Saturday is a disaster. The clouds are on the ground on the higher parts of the surrounding area and the rain comes. In spite of the awful conditions all the drivers are eager to get out on the circuit on treaded rain tyres, they have not enjoyed themselves at a circuit like this in a long time. It is most heartening to see. The rain continues throughout the day so all hope of anyone improving on their Friday qualifying time is gone. The times for Friday settle the grid position and it is no real surprise that the two non- qualifiers are Salazar with the RAM-March and Ghinzani with the Alfa Romeo V12 engined Osella. Apart from Warwick being further down the grid than is reasonable, due to typical ‘Toleman Trouble’ and having to use the spare car, the Friday line-up is reasonable, so the fact that Saturday qualifying is a wash-out is not too serious. We have come to accept that neither McLaren driver tries too hard these days, for they don’t want to make it look as though the Cosworth DFY engine will keep them competitive through this season. They need to ram home the urgency of getting the new Porsche engine into racing as soon as possible and to try and force the internal political issue within McLaren International, between the various factions, notably the sponsors Marlboro and TAG and the Porsche engineers. Sunday is grey and over-cast but mercifully the rain holds off and conditions are good for racing. The half-hour warm-up period sees plenty of action as everyone tries to make up for the lost time on Saturday. The fashion started by Brabham last year, of starting the race with only 25 gallons of petrol in the tank and relatively soft tyres, and making a pit stop half-way through the race, has caught on. Apart from Brabham, the Williams team, ATS, Lotus, Renault, Ligier, Alfa Romeo, Ferrari and Toleman are all planning pit stops.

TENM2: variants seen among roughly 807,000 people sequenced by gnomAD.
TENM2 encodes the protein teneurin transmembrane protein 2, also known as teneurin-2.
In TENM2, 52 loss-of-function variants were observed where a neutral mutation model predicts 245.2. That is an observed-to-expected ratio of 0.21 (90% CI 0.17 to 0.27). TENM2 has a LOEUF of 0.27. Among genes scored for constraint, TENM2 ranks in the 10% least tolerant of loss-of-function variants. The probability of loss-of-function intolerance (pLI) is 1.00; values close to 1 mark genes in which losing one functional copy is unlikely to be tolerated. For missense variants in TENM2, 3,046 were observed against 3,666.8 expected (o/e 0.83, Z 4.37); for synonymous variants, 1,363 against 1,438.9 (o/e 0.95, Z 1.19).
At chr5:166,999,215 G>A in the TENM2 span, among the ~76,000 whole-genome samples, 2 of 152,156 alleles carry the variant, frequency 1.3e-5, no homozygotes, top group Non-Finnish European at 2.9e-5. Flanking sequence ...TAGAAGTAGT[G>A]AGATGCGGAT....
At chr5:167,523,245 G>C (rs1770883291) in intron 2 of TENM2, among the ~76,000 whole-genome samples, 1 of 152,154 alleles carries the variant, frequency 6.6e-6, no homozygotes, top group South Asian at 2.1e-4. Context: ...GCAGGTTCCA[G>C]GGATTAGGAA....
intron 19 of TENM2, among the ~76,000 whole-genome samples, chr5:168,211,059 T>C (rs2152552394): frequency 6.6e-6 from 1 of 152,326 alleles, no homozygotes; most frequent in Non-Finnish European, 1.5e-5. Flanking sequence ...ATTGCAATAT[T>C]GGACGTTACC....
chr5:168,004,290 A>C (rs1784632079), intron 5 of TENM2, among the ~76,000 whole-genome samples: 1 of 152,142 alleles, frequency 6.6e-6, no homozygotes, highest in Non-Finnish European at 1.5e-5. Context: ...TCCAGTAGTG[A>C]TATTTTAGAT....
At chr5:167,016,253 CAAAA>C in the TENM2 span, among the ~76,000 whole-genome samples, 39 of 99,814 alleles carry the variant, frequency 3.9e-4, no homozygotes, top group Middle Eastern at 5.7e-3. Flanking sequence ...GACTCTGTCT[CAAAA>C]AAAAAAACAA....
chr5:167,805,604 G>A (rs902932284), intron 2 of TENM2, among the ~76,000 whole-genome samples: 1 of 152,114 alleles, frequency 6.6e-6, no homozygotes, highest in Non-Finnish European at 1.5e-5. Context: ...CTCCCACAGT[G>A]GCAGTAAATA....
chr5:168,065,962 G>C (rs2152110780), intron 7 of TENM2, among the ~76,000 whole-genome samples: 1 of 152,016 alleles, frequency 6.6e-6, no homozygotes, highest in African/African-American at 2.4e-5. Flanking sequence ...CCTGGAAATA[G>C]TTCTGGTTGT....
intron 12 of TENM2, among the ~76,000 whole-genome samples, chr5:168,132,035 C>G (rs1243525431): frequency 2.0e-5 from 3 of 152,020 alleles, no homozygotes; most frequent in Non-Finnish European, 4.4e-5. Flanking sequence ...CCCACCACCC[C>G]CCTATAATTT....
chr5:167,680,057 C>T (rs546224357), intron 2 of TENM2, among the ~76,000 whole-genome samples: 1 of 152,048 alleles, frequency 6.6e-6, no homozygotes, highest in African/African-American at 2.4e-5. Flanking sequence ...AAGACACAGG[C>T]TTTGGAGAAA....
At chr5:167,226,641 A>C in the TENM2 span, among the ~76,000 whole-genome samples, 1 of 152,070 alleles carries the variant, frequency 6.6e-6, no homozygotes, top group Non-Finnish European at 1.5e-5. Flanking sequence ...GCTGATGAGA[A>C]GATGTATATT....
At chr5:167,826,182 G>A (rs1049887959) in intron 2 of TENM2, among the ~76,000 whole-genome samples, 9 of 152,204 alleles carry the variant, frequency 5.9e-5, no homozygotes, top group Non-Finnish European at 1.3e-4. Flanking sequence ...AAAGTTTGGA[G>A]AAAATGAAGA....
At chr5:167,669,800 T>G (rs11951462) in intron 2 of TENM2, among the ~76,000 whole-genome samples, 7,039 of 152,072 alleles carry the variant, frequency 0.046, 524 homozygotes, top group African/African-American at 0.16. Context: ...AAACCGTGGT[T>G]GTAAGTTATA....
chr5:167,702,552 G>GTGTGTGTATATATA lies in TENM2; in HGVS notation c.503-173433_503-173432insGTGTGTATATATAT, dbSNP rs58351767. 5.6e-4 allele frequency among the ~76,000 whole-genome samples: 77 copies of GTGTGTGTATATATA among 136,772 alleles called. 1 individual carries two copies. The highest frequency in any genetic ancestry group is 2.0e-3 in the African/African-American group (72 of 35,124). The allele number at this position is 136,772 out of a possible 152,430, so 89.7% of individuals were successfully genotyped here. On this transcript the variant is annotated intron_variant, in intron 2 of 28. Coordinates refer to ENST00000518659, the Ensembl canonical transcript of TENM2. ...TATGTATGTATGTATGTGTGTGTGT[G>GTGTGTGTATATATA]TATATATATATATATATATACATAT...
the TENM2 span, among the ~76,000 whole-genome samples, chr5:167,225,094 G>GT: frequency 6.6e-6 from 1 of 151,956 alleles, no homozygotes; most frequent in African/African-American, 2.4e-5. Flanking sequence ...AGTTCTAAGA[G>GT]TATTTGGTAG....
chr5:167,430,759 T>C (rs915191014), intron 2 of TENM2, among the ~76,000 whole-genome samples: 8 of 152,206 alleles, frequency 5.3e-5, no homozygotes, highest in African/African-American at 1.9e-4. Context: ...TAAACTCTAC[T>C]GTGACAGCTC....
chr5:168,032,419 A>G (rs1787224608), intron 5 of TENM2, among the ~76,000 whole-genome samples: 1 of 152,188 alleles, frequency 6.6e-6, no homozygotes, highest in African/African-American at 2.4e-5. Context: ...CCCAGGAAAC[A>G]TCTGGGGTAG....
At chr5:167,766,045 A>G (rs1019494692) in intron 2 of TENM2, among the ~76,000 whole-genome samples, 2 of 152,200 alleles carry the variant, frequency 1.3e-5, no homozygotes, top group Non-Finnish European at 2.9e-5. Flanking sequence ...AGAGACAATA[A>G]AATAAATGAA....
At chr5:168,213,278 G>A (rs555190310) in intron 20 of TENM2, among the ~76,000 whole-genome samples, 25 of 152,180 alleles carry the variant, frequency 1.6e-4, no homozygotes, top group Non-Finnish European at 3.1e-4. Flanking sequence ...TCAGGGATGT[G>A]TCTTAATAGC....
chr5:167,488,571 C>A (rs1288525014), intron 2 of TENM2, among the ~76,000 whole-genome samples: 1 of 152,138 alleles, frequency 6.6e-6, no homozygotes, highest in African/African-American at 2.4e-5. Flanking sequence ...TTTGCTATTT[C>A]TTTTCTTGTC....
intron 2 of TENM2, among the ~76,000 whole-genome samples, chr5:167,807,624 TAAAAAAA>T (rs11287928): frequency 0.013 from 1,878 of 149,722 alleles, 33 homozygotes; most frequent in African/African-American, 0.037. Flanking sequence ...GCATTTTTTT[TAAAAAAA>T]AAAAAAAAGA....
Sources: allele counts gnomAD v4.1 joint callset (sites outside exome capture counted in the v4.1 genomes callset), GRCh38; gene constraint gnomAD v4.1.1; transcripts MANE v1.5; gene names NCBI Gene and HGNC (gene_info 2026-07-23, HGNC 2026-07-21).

The race is due to start at 2:30 p.m. to run over 42 laps of the 6.949 kilometre circuit, but as the start is on the slight uphill stretch before La Source hairpin, where the new pits have been built, and the finish is on the downhill run past the old pits, you have to add 662 metres to the total of 42 x 6.949 to get the full race distance. At 2:00 p.m. all 26 cars leave the pits and do a lap round to the starting grid and Arnoux (Ferrari), Rosberg (Williams), Laffite (Williams) and Boesel (Ligier) all go through the pitlane and round for another lap before taking up their positions on the grid. Shortly before 2:30 p.m. they all set off on their parade lap behind Alain Prost’s Renault and when they return Surer is in trouble with the gearbox on his Arrows. As the starter put the red light on marshals at the back of the grid are waving yellow flags to indicate that all is not in order so the red light goes to flashing yellow, which means start cancelled, but Prost and de Cesaris see the red light go out and simply take off. Tambay sees the flashing yellow and backs right off as everyone else do, while Surer, Laffite and de Angelis are left on the grid with stalled engines. Black flags greet de Cesaris and Prost as they set off on what they think is the first lap and the whole field straggles round the circuit and back to the grid. Poor Surer, with a broken gearbox goes into the pits and transfers to the spare Arrows and resigns himself to having to start from the pitlane after everyone has gone from the restart. The rules state that in the event of an aborted start there will be no topping-up of petrol tanks on the grid, but the race will be shortened by one lap, to allow for a second parade lap before the restart. As all the competitors have inadvertently done a lap and would now have to do the second parade lap as well, the race distance is shortened by two laps, from 42 to 40 laps.